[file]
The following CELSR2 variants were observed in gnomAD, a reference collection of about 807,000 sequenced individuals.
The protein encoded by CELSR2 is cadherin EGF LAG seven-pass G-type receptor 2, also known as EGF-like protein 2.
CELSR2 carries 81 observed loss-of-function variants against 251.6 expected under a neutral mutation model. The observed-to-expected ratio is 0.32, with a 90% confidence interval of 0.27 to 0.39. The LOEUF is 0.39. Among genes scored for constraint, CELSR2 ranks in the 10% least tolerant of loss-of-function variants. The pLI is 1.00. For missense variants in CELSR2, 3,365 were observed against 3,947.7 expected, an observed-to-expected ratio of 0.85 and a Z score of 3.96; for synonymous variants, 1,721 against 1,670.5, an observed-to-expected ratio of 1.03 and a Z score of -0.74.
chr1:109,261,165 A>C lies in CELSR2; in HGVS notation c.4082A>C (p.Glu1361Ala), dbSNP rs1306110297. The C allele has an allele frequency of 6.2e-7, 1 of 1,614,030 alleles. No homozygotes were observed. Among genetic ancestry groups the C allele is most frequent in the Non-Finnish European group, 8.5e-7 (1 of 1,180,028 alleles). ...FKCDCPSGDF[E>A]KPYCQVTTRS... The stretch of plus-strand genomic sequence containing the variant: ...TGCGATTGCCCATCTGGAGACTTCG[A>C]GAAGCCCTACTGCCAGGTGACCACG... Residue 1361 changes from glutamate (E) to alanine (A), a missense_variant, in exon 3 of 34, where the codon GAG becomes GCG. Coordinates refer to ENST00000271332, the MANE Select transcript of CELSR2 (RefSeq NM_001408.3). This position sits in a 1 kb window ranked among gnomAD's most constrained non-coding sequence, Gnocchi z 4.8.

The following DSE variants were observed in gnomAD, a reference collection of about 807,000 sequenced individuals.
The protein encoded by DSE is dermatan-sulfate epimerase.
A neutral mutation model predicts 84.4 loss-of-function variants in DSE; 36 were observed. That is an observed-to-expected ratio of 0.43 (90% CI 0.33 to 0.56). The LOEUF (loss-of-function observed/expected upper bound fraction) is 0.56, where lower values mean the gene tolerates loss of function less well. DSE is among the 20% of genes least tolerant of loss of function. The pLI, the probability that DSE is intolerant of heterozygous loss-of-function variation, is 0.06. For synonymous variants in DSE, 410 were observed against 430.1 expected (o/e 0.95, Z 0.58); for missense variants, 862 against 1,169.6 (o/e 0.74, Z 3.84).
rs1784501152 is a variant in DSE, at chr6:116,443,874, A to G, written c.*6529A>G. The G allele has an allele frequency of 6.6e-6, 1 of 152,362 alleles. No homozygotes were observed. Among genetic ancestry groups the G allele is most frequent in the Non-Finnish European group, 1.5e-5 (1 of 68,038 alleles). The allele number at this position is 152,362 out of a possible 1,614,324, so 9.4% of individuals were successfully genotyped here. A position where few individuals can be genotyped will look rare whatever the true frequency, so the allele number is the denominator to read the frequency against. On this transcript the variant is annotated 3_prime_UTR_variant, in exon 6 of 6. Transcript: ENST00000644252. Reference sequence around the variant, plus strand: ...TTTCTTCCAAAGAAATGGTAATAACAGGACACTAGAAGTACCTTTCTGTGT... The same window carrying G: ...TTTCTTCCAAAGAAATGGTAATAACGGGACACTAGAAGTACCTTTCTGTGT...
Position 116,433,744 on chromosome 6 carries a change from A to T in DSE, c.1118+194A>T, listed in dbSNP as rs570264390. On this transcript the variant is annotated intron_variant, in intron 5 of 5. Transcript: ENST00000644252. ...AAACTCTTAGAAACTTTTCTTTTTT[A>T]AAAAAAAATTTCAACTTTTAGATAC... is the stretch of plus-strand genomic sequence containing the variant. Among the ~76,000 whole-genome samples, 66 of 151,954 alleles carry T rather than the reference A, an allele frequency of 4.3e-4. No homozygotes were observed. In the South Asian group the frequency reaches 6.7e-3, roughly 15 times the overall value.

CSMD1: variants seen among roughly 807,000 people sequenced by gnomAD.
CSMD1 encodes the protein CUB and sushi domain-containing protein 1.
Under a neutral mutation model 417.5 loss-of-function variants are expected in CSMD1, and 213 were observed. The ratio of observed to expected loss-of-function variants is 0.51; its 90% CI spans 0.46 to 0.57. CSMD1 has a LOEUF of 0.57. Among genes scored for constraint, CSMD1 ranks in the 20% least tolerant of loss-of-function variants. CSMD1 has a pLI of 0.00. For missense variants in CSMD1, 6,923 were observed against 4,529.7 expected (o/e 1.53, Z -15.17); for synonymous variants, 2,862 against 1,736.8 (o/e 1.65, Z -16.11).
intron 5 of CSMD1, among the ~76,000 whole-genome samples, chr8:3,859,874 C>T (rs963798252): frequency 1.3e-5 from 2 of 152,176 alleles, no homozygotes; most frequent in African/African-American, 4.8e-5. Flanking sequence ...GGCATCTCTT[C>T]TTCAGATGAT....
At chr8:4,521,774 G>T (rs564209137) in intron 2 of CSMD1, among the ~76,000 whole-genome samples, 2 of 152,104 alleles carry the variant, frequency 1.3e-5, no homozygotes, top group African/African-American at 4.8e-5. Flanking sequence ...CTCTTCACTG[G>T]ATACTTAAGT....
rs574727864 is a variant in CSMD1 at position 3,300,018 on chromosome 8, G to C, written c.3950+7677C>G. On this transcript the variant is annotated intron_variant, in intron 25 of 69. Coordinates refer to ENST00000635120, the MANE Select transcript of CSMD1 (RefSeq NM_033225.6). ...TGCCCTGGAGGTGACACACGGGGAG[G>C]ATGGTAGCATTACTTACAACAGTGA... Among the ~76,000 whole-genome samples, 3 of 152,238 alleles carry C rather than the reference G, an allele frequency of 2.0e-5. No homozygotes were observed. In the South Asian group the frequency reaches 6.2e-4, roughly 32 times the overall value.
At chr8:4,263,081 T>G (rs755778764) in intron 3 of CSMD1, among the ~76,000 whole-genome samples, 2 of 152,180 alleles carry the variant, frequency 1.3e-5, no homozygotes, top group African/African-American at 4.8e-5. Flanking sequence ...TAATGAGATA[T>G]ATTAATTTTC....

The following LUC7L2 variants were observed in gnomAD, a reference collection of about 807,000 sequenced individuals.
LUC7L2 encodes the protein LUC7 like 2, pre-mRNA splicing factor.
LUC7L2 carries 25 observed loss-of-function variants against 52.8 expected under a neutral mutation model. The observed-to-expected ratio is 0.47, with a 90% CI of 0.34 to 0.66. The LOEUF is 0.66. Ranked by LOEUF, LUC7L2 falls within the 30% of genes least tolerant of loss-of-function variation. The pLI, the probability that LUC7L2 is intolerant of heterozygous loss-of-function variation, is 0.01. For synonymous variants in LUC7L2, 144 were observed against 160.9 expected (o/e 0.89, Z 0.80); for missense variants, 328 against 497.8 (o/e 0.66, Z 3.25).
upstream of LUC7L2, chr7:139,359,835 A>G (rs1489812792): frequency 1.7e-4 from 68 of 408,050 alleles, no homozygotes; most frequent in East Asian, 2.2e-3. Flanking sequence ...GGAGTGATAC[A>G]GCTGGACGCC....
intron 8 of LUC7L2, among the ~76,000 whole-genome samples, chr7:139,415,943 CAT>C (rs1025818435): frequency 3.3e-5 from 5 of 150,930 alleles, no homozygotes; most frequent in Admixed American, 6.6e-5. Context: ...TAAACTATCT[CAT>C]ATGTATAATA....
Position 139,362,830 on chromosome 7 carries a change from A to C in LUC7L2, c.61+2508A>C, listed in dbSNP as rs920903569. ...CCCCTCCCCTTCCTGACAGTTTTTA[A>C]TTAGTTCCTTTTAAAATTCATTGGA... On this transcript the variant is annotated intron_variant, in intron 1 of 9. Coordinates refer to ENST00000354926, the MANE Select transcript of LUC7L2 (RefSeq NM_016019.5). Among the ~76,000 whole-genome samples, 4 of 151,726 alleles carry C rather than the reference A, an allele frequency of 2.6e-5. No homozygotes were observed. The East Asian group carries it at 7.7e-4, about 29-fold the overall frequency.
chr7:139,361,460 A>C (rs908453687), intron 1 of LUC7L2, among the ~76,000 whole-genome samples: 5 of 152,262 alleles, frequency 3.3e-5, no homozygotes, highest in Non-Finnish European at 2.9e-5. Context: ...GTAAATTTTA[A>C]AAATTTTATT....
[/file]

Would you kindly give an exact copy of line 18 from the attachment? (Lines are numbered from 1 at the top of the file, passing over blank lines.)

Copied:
LUC7L2 encodes the protein LUC7 like 2, pre-mRNA splicing factor.